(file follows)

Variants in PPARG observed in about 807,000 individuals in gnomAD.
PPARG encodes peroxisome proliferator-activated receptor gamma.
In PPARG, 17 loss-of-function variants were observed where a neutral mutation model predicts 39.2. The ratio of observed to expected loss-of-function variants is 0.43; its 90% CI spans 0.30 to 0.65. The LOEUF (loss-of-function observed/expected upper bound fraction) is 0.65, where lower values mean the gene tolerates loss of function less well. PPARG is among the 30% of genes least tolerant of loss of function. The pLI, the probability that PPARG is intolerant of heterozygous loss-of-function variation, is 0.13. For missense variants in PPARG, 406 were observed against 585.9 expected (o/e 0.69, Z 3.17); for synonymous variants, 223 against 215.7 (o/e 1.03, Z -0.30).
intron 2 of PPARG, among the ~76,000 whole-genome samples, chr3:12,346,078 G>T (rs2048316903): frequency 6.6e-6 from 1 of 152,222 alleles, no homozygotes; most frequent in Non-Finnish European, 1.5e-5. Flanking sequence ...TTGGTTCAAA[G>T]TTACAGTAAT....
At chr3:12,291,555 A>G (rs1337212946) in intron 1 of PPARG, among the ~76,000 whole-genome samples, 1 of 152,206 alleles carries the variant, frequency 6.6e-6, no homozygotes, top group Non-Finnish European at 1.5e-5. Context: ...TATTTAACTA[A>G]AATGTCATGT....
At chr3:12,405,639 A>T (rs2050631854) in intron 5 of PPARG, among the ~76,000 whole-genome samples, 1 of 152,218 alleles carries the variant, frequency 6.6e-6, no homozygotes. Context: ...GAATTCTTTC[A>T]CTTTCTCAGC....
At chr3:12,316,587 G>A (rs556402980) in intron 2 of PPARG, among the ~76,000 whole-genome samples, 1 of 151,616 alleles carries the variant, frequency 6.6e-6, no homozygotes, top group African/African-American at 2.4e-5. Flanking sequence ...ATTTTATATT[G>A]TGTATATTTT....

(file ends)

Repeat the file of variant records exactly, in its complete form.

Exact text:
Variants in PPARG observed in about 807,000 individuals in gnomAD.
PPARG encodes peroxisome proliferator-activated receptor gamma.
In PPARG, 17 loss-of-function variants were observed where a neutral mutation model predicts 39.2. The ratio of observed to expected loss-of-function variants is 0.43; its 90% CI spans 0.30 to 0.65. The LOEUF (loss-of-function observed/expected upper bound fraction) is 0.65, where lower values mean the gene tolerates loss of function less well. PPARG is among the 30% of genes least tolerant of loss of function. The pLI, the probability that PPARG is intolerant of heterozygous loss-of-function variation, is 0.13. For missense variants in PPARG, 406 were observed against 585.9 expected (o/e 0.69, Z 3.17); for synonymous variants, 223 against 215.7 (o/e 1.03, Z -0.30).
intron 2 of PPARG, among the ~76,000 whole-genome samples, chr3:12,346,078 G>T (rs2048316903): frequency 6.6e-6 from 1 of 152,222 alleles, no homozygotes; most frequent in Non-Finnish European, 1.5e-5. Flanking sequence ...TTGGTTCAAA[G>T]TTACAGTAAT....
At chr3:12,291,555 A>G (rs1337212946) in intron 1 of PPARG, among the ~76,000 whole-genome samples, 1 of 152,206 alleles carries the variant, frequency 6.6e-6, no homozygotes, top group Non-Finnish European at 1.5e-5. Context: ...TATTTAACTA[A>G]AATGTCATGT....
At chr3:12,405,639 A>T (rs2050631854) in intron 5 of PPARG, among the ~76,000 whole-genome samples, 1 of 152,218 alleles carries the variant, frequency 6.6e-6, no homozygotes. Context: ...GAATTCTTTC[A>T]CTTTCTCAGC....
At chr3:12,316,587 G>A (rs556402980) in intron 2 of PPARG, among the ~76,000 whole-genome samples, 1 of 151,616 alleles carries the variant, frequency 6.6e-6, no homozygotes, top group African/African-American at 2.4e-5. Flanking sequence ...ATTTTATATT[G>A]TGTATATTTT....